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[BBC]The quest to fly from New York to London in one hour - Page 3

post #21 of 90
Quote:
Originally Posted by Solarin View Post

You are talking about velocity which is relative. Force has nothing to do with velocity. You are born at this velocity, and, barring a sudden acceleration/deceleration of the Earth, are none the wiser about the speed you are travelling.

But the velocity is much slower at the poles (zero, in fact), and people don't explode when returning from a trip to Antarctica either. Yet they obviously had to accelerate at some point.
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post #22 of 90
i would faint if i went those speeds, im sure lots of people would also.
post #23 of 90
Quote:
Originally Posted by Manyak View Post

But the velocity is much slower at the poles (zero, in fact), and people don't explode when returning from a trip to Antarctica either. Yet they obviously had to accelerate at some point.

Your linear velocity with respect to the Earth would be zero, but your angular velocity would not be zero. Angular velocity is constant at all points on the Earth. Therefore, you don't accelerate (or decelerate).

Perhaps I wasn't phrasing my question correctly.

When you are approaching the speed of sound, can you slowly accelerate up to and past that speed, or does an acceleration threshold need to be met because of drag forces? (Like escape velocity of the Earth.)
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post #24 of 90
Quote:
Originally Posted by Solarin View Post

Your linear velocity with respect to the Earth would be zero, but your angular velocity would not be zero. Angular velocity is constant at all points on the Earth. Therefore, you don't accelerate (or decelerate).
Perhaps I wasn't phrasing my question correctly.
When you are approaching the speed of sound, can you slowly accelerate up to and past that speed, or does an acceleration threshold need to be met because of drag forces? (Like escape velocity of the Earth.)

Considering that people flew on the Concord at supersonic speeds without any major problems, the same will apply here.

Angular velocity has nothing to do with this.
Quote:
Originally Posted by KRaZiGLiTcH View Post

i would faint if i went those speeds, im sure lots of people would also.

Only if you knew you were going that fast, which, you wouldn't.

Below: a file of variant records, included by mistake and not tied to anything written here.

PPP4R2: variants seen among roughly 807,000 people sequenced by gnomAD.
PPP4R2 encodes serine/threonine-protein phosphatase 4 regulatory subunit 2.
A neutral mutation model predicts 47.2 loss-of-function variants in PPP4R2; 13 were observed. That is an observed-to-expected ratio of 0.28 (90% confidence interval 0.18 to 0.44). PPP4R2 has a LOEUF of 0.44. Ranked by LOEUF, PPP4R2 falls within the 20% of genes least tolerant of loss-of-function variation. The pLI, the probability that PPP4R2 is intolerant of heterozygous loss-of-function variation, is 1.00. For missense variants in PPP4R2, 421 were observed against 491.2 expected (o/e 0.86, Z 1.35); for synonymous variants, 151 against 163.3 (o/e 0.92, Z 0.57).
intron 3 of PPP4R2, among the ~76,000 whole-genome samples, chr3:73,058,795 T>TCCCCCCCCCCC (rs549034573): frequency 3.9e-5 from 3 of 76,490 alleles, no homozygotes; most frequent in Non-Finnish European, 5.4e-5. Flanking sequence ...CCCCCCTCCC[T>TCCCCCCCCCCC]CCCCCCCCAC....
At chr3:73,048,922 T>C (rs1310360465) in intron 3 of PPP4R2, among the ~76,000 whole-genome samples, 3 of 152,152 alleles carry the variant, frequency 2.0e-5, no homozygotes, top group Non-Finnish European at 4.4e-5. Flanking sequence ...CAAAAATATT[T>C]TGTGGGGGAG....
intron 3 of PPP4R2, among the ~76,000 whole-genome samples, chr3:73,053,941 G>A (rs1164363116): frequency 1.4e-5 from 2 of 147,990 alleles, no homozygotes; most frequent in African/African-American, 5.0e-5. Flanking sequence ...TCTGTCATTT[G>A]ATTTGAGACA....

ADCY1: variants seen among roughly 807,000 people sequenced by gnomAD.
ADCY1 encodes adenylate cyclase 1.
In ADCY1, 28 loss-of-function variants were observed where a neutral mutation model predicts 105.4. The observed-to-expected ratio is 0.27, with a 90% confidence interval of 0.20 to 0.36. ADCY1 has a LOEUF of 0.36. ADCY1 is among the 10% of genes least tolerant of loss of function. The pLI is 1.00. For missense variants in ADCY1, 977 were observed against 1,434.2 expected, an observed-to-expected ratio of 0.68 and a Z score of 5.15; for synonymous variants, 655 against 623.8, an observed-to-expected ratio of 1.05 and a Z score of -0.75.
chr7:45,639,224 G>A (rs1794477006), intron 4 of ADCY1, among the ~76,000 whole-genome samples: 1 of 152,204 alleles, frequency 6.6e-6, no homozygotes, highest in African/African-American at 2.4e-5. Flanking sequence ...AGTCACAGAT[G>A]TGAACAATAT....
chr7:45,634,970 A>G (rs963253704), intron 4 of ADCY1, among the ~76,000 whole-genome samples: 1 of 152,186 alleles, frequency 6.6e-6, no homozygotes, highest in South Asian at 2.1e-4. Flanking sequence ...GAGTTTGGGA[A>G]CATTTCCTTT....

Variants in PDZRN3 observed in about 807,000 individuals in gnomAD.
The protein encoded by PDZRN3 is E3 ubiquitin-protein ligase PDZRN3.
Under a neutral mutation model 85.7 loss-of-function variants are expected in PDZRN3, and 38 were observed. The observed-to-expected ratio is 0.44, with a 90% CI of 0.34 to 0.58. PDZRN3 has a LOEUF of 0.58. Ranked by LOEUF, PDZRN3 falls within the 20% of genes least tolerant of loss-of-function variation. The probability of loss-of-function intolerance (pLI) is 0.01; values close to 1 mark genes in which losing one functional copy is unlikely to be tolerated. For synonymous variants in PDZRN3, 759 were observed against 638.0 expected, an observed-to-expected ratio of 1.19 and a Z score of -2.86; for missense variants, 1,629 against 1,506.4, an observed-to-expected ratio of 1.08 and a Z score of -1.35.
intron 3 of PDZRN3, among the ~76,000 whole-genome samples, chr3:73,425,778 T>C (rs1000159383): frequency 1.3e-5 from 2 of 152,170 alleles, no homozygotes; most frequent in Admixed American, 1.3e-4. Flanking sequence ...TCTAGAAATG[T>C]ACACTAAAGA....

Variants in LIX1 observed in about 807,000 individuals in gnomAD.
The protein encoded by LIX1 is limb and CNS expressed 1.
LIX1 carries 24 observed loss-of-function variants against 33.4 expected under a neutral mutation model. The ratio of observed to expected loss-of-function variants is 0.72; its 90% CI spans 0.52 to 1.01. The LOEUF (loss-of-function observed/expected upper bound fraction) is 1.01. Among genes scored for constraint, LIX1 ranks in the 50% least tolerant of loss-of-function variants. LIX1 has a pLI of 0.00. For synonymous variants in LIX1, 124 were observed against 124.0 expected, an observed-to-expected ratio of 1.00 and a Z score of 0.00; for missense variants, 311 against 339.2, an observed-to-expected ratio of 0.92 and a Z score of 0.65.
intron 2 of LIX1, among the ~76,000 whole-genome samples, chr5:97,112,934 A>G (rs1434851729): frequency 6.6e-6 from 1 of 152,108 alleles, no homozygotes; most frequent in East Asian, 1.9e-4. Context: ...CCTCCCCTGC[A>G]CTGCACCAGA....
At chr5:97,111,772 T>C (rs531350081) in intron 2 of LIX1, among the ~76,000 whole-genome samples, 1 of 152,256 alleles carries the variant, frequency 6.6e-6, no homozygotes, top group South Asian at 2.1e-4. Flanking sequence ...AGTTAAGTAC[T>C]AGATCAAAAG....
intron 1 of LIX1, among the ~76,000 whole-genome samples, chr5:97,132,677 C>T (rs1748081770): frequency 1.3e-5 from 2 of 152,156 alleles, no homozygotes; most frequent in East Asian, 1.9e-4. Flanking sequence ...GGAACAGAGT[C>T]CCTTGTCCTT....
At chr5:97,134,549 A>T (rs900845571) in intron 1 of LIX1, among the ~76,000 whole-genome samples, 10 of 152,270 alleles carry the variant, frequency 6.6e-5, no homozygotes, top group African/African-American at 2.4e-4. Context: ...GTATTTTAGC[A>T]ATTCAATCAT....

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post #25 of 90
Quote:
Originally Posted by Tsumi View Post

Considering that people flew on the Concord at supersonic speeds without any major problems, the same will apply here.
Angular velocity has nothing to do with this.
Only if you knew you were going that fast, which, you wouldn't.
Really is there something that makes you feel that your not going that fast ?
post #26 of 90
Related; How often do objects travelling just above the speed of sound create a sonic boom, is it only once until it slows down or can it keep happening?
    
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post #27 of 90
Quote:
Originally Posted by Blazing angel View Post

Can the Sr-71 carry 100 people while providing a luxurious cabin and proper accommodations? rolleyes.gif

No, but it does carry a couple in a pretty rough and high tech cockpit all stealthy and ninja-ish biggrin.gif
Quote:
Originally Posted by Minnetonka16 View Post

Related; How often do objects travelling just above the speed of sound create a sonic boom, is it only once until it slows down or can it keep happening?

Once, when you cross the sound barrier. Then the craft makes a sort of buzzing sound, but no more booms.
Edited by Artikbot - 10/14/12 at 4:10am
   
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post #28 of 90
Quote:
Originally Posted by Artikbot View Post

No, but it does carry a couple in a pretty rough and high tech cockpit all stealthy and ninja-ish biggrin.gif
Once, when you cross the sound barrier. Then the craft makes a sort of buzzing sound, but no more booms.

Thanks for the quick reply +rep
    
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post #29 of 90
Quote:
Originally Posted by Blazing angel View Post

Can the Sr-71 carry 100 people while providing a luxurious cabin and proper accommodations? rolleyes.gif

Neither did Concorde wink.gif
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post #30 of 90
Quote:
Originally Posted by Minnetonka16 View Post

Related; How often do objects travelling just above the speed of sound create a sonic boom, is it only once until it slows down or can it keep happening?

From wiki:
Quote:
Since the boom is being generated continually as long as the aircraft is supersonic, it fills out a narrow path on the ground following the aircraft's flight path, a bit like an unrolling red carpet and hence known as the boom carpet. . . . It is a common misconception that only "one" boom is generated during the subsonic to supersonic transition, rather, the boom is continuous along the boom carpet for the entire supersonic flight.
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